striking visual compositions, tho

Though the plot itself is no great shakes, either, an utter slog of a story where you’re just watching Norman grind through a plot that announces itself coming a million miles away. There are no surprises there, despite all the technical craft and innovation the movie is bringing to bear, and not a ton of chemistry between Garland and James Mason; the studio originally wanted to cast Cary Grant as Norman Maine, and he might at least have injected some life into the character, some charm to offset the acres of red flags that Maine waves constantly. As it is, Mason feels like a poor man’s Michael Yorke, but without the vulnerable melancholy that lies behind Yorke’s best performances. The movie also never shows us Maine’s alcoholism affecting his life — we’re told he’s missing work, or that he’s unreliable, physically miserable, dangerous to himself and others, but we never actually see it. It’s a lot of time to spend with the man and know so little directly about the defining characteristic of his life.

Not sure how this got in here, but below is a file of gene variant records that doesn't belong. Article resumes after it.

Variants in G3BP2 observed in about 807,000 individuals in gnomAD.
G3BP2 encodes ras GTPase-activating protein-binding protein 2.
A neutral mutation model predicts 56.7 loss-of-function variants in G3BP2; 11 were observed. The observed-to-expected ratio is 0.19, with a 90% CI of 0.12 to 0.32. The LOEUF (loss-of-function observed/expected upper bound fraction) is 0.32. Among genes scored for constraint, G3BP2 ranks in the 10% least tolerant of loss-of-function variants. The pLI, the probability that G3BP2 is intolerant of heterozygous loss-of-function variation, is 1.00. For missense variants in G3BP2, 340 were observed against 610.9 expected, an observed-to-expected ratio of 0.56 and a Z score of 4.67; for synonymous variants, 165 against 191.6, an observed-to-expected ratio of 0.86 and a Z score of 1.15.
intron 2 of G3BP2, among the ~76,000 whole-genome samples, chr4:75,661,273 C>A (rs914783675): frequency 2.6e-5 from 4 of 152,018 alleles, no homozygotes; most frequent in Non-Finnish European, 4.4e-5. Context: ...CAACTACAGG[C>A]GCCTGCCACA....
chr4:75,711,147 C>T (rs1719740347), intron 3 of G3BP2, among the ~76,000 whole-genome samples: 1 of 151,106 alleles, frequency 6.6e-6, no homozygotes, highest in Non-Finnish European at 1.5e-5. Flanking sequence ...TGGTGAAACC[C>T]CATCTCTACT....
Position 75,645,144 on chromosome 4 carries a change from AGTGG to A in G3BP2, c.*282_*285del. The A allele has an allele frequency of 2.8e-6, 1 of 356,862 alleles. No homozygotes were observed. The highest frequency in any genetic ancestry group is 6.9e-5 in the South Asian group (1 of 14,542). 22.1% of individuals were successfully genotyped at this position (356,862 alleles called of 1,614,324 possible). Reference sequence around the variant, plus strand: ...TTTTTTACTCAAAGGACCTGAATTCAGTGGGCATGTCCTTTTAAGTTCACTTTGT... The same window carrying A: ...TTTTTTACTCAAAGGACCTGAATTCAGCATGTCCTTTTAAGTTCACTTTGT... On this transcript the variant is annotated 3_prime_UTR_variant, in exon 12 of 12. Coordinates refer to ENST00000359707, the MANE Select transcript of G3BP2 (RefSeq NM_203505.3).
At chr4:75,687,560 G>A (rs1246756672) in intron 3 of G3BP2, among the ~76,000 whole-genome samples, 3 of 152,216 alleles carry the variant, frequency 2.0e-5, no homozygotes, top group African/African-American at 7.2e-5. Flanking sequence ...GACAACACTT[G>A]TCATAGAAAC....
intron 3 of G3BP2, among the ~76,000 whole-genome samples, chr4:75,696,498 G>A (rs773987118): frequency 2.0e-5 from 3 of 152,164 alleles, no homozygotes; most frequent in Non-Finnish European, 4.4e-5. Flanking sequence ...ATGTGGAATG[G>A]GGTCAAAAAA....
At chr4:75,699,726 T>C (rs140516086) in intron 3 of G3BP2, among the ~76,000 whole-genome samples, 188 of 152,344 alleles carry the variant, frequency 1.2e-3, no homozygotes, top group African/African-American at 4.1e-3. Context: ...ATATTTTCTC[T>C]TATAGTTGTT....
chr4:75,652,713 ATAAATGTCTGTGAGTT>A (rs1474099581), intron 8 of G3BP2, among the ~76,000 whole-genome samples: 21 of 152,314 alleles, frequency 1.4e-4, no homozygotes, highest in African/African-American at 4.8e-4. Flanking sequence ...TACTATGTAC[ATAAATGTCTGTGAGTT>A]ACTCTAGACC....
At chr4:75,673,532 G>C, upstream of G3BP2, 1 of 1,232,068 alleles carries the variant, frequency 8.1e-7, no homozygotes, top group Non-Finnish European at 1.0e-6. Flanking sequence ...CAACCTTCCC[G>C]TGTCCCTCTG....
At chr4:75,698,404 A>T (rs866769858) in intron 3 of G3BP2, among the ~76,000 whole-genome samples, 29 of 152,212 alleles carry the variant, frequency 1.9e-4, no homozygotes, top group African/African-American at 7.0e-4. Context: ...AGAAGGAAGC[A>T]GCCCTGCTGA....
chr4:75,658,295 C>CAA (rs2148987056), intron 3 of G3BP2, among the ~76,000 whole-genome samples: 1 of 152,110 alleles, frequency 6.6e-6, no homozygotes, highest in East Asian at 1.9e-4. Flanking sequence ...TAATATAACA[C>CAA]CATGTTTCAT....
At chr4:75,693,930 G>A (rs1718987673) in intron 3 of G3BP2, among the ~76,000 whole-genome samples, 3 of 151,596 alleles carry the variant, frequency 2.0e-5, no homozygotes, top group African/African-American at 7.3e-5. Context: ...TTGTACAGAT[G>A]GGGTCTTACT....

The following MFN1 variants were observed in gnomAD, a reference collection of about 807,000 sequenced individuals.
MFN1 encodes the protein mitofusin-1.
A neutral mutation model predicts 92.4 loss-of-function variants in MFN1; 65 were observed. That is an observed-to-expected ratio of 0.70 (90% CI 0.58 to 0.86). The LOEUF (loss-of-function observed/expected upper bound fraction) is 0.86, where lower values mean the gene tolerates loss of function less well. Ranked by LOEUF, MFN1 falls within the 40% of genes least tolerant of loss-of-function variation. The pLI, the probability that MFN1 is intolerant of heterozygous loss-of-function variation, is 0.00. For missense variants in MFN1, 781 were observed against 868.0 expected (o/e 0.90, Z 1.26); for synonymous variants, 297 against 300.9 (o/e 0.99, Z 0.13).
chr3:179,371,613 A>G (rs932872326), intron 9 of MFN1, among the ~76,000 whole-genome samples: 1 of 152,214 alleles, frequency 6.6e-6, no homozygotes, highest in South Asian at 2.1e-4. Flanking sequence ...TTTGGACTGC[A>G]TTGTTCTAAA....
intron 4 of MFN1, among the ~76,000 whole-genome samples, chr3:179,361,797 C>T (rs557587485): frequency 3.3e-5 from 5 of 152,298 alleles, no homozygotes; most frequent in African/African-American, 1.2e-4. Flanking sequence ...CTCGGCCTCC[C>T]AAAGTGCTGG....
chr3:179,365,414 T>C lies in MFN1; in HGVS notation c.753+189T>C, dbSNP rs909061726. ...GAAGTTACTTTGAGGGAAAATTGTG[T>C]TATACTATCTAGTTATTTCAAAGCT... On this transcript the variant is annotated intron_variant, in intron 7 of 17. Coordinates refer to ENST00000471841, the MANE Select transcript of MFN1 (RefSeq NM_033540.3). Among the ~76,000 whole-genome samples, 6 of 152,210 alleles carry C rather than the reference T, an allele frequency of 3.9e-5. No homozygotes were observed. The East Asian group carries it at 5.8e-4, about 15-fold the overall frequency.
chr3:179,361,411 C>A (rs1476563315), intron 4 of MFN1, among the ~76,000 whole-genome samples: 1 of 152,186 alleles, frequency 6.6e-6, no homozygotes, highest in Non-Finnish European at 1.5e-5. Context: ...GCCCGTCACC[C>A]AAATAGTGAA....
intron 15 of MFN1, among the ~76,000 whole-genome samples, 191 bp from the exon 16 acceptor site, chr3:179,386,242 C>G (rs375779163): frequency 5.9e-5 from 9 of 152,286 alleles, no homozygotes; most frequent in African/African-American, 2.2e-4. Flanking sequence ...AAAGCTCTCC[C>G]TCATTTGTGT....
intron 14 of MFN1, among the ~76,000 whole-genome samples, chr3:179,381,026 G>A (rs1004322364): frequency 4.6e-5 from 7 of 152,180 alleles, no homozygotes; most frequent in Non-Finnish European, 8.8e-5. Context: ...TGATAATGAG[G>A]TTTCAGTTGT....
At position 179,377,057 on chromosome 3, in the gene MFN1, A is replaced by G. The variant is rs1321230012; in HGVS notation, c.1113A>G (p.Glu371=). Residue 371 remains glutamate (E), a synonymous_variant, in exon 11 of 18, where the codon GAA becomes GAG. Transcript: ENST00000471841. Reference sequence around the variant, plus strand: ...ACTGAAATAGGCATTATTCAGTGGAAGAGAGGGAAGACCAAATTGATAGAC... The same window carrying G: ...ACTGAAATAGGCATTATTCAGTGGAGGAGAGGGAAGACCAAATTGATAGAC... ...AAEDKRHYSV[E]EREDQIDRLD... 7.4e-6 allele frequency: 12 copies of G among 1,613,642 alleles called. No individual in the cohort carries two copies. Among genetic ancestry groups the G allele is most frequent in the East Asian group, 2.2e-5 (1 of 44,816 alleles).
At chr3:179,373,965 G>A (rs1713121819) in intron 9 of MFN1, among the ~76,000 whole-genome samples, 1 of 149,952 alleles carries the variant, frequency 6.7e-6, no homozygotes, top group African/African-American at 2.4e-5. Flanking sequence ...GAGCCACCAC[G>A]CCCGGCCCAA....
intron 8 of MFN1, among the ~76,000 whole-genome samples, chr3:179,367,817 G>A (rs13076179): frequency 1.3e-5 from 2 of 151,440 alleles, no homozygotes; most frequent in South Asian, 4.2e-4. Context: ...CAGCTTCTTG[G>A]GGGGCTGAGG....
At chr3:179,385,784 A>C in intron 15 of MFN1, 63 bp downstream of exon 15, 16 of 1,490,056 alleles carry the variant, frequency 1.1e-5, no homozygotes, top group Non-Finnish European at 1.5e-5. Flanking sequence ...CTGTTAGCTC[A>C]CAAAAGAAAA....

maine, after a three day bender, faces a judge in a still immaculate suit; It’s a Wonderful Life got grimier than this!

He eventually walks off into the sea to free Esther from him, in another gorgeous shot, but the movie is so unwilling to show us anything too grim that it all comes across with a pinch-faced primness that’s hard to take seriously. Alcoholism’s a real rough road, but what we’re shown makes all the concern feel like an HOA head angrily trying to shoo a barbecue into the backyard because people can see your husband drinking a beer, Agnes and it robs the drama of any pathos. The last third is such an incredible slog it robs the movie of any joy or interest it had; we were so relieved when Maine died because it meant we could stop watching, and that’s probably not the mood they were going for, no.

it’s a shitty thing to do to your wife, dude
23
Jan
22

100 Movie Musicals #22: Singin’ In The Rain (1952)

Absolute classic riffing on the previous 20 years of movie musicals. The jokes land, the cast is tremendous, and the musical numbers are genius. Okay, so the plot’s thin, but it doesn’t matter when everything else is this good.

it’s great to stay up late